Authors: Qiuxi Li*, Department of Geography; Disaster Research Center, University of Delaware
Topics: Cultural Geography, Hazards, Risks, and Disasters, Development
Keywords: Cultural preservation, fire risk, modernization, community resilience, development,
Session Type: Paper
Presentation File: No File Uploaded
Fire has always been a nightmare for ethnic villages in China’s Guizhou Province, currently resulting in a tension between recovering traditional wooden houses or pursuing a “safer” dwelling in concrete houses. The aim of this research, firstly, is to examine the factors influencing people’s dynamic decisions in housing material choice, especially for the relationships between heritage preservation and development in the context of disaster risk, modernization and tourism development in ethnic regions. More broadly, this research calls for attention to the question about whether ethnic minorities are justified in abandoning their old style of life and obtaining modernization, or if they must be bound to their traditions to comply with their underlying duties – to defend the ‘authenticity’ of culture.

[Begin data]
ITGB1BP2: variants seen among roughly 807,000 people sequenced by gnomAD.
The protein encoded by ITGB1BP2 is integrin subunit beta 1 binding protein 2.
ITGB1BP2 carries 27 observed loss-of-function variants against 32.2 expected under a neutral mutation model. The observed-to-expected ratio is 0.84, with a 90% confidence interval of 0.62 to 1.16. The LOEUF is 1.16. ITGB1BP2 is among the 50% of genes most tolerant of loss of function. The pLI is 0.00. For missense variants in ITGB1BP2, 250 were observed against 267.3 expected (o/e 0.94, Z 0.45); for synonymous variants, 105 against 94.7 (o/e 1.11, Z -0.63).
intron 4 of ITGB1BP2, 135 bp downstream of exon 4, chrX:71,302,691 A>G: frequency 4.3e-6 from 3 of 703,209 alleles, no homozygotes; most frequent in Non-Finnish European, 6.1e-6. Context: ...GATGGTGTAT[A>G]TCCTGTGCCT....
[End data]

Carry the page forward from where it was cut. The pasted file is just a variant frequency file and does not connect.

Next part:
Through analyzing 155 surveys and 30 interviews that were collected during fieldwork, the results show that 57% of respondents prefer concrete housing than traditional wooden housing. Among the 12 variables that influence residents’ housing material choice, safety and cost are what people care most. The result also challenges the conventional wisdom that cultural preservation is the consensus of all mankind. In this case, many people are not obsessed with retaining traditional housing, and 17% of respondents even do not know the meaning of cultural preservation. The finding of this study offer advice not only for the post-disaster reconstruction of historical settlements in China but also for how can tradition be protected under the influence of disaster risk and modernization as a global issue.
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